However, things didn't turn up exactly as many expected.
During the 70's, the interest on sending people to space and establishing a permanent residence on the moon simply faded. Governments changed their agendas, the public shifted its attention to more mundane matters... funds were cut almost without mercy. We still explore space with automated probes though, and that's not bad because they are relatively cheap, easier to manufacture and more resilient to the hazards of space. But I still find our present efforts lacking: all the expertise we managed to create during the late 60's to the mid 70's will soon be lost; practically everyone involved in the manned exploration of the moon has died (or at least retired). Training a new generation of experts shall be costly. But maybe, just maybe, we'll do it correctly this time.

My worries now are focused on the social phenomena that slowly, but firmly, seem to have taken ahold of key positions in governments and media around the planet:

- Mysticism is showing its ugly head everywhere, posing as pseudo-science and making everything it can to discredit real science, even in schools.

- People are more concerned about the latest misadventure of some famous fool instead of the impending global climate change.

- Strong line conservatives abound and have taken leadership of several countries around the planet, blindly and simply ignoring criticism against their manifest destiny. Oh, and in the meantime, why not make some profit too by staging a war here and there?

The world was complex enough before we arrived to it, so we created technology and science to make it easier for us. Now we have become very dependent upon technology, but only a small fraction of the population has a deep understanding of it. Trouble is just around the corner.

The late Carl Sagan foresaw this situation more than 20 years ago, and even was able to predict its outcome to a certain degree. People fear what they don't understand, so they retreat from it and instead take comfort on the easier and more readily available junk data. But at the same time they become more dependent on technology (they can't help it, it's an everyday's requirement of the world we live in).

Slowly, they become users and consumers of magic.

Most industries know this, and even rely upon it. How else can one explain things such as the infamous DMCA and heavily encrypted HDMI signals between media receivers/players and displays, presented to the uninformed as "essential for their own benefit"?

Lies... Lies!

Ah well, I feel a little better now.
On the next installment I'll comment on the joys of hacking and bending to MY will an interesting item of consumer electronics.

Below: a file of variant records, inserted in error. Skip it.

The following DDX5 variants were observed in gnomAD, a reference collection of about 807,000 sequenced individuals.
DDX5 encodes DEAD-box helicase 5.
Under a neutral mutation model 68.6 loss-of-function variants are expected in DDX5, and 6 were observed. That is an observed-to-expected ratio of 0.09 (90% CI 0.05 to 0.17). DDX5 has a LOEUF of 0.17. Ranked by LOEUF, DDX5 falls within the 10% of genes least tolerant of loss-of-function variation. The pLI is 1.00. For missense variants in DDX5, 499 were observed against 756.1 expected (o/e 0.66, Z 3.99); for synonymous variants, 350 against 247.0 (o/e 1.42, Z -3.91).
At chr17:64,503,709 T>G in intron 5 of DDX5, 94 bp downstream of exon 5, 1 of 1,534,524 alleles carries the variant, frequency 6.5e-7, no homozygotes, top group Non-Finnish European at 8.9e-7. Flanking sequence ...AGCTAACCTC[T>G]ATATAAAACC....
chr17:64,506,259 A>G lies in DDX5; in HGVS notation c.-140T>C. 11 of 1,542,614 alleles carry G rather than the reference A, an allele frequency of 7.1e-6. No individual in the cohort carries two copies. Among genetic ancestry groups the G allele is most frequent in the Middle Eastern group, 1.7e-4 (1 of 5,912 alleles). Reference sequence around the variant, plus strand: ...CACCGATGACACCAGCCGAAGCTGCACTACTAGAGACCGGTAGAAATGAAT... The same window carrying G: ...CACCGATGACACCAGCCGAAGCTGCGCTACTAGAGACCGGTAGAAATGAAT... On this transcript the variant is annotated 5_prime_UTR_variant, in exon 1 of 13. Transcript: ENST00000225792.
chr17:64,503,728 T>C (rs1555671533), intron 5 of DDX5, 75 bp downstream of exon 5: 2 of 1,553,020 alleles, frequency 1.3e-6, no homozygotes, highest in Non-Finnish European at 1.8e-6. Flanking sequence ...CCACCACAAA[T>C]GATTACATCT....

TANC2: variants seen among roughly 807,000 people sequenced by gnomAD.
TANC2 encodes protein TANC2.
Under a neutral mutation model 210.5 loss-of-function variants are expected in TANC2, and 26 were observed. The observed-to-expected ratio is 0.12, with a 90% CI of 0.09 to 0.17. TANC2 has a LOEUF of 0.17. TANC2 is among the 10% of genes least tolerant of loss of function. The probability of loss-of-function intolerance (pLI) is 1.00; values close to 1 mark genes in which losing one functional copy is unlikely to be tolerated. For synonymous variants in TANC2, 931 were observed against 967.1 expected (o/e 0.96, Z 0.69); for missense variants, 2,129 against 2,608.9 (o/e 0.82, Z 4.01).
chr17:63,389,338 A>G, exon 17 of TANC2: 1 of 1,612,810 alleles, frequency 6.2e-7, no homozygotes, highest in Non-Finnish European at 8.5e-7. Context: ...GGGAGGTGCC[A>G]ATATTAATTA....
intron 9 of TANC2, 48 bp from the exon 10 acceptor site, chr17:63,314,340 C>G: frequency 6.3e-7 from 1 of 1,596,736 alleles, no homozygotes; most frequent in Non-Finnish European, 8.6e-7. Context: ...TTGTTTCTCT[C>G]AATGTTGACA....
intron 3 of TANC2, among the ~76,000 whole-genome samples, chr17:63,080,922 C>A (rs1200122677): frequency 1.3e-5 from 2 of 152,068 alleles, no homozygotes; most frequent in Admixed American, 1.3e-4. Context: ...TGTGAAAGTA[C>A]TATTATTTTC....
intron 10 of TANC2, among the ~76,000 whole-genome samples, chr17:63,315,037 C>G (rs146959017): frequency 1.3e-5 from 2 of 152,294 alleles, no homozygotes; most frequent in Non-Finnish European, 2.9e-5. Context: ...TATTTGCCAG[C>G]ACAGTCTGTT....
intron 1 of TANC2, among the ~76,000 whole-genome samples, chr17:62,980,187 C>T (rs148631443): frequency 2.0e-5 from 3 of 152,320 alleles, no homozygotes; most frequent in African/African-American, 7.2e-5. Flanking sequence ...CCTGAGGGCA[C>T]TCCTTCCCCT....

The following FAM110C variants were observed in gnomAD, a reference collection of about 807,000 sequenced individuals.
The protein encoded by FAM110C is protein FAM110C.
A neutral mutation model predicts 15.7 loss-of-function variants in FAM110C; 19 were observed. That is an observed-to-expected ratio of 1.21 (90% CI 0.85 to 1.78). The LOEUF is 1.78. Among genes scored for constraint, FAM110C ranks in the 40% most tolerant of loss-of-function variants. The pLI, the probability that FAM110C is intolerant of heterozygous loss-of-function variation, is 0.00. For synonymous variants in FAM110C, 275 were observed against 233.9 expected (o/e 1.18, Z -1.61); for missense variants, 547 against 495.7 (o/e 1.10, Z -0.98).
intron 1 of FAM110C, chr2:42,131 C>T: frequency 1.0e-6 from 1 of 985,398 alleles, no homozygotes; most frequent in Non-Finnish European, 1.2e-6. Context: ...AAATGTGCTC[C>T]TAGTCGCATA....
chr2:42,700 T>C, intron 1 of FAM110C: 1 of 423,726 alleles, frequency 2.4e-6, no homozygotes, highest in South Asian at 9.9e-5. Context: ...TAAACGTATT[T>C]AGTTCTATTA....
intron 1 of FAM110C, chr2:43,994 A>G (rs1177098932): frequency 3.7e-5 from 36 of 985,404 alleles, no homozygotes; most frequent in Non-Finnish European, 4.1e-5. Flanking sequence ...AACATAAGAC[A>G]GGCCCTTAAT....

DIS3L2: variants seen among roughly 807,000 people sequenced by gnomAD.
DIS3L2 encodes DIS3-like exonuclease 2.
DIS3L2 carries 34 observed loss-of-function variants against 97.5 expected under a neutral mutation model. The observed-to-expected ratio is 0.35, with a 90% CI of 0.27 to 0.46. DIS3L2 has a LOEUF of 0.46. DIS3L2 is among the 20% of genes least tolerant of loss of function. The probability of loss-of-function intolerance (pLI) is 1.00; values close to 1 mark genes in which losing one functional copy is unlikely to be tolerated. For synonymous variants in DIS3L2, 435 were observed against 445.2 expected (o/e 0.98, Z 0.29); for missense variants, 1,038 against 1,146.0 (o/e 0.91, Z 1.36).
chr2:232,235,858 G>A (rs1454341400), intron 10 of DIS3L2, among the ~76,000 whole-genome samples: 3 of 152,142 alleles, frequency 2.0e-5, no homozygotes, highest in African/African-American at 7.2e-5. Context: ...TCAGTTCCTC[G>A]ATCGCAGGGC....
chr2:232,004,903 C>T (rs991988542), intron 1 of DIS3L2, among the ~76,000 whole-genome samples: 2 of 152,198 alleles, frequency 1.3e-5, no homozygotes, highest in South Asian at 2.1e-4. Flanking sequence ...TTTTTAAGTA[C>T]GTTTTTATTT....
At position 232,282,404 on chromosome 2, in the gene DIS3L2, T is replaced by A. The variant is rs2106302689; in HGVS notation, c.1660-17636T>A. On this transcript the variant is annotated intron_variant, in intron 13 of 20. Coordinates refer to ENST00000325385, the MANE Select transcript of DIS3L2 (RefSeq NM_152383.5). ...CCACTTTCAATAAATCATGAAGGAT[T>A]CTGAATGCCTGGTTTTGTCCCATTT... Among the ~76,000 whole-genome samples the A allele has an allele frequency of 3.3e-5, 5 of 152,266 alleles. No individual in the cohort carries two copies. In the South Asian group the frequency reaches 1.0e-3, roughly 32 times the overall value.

Thursday, December 15, 2005

Music is food for the soul

Today I was listening some Smooth Jazz at work, when they suddenly began playing a melody whose name I have been looking for several years... probably more than 10.

Anyway, I wasted no time and googled for it. Not only found who plays it, but I also found a wonderful midi reconstruction and thought I'd share:

Freedom at night, by David Benoit.

Be sure to visit the whole page too. It's a hidden treasure and surely has improved my mood by 2 orders of magnitude.

Now, if only I could convince the local radio stations to begin implementing RDS services...

Wednesday, December 07, 2005

Ah yes, the holidays...

Well, holidays are here. They were to be expected.

The overwhelming majority of people find this season enjoyable; but what do others (like yours truly) who find themselves outside that segment do while waiting for it to end?

Spending time at home is not as bad as it used to be. There are more choices for entertainment, true. But somehow, I don't find it very enthusing to spend a whole week watching tv or surfing the web.

Instead, my approach is different and might be described as early-spring cleaning:

* Clean up the mess I have let to accumulate during the year. Not always easy as it sounds, because that implies moving furniture around and leaving no spot undusted.

* Clean up the other mess. This includes rearranging books and magazines while coughing up the accumulated dust, deep cleaning the fridge and washing machine... you get the idea.

* Ordering the rest of the mess. Wires behind an entertainment center have a tendency to reproduce and become so entangled, it's quite a miracle I haven't suffered from any sort of EM radiation poisoning... yet.
Leaving aesthetics aside, this also makes them prone to interference. On most occasions, I end up totally redesigning the connection scheme after a couple days of careful thought.

* Take care of the daily mess. A bachelor can have time for his laundry or to party, but rarely both; guess which one has priority. But this part involves sorting and pairing clothing while also getting rid of old stuff.

Do you begin to sense a pattern?

By bringing order to chaos, interesting things happen at the conscious and subconscious levels: You are doing plenty of physical activity, which helps keep things like S.A.D. at bay. But you are also rearranging things and rediscovering forgotten spots, taking care of them. You are getting rid of old stuff and junk you have neglected for months.

I'm not a psychologist, but I feel that because of these activities, my burdens become lighter. Mood improves too.

Of course, when the holidays are over one is very tempted to return to the old ways. It's ok to do so, I think... but only as long as the cleanup ritual is respected as well.

Oh boy, and I have lots to do for this year.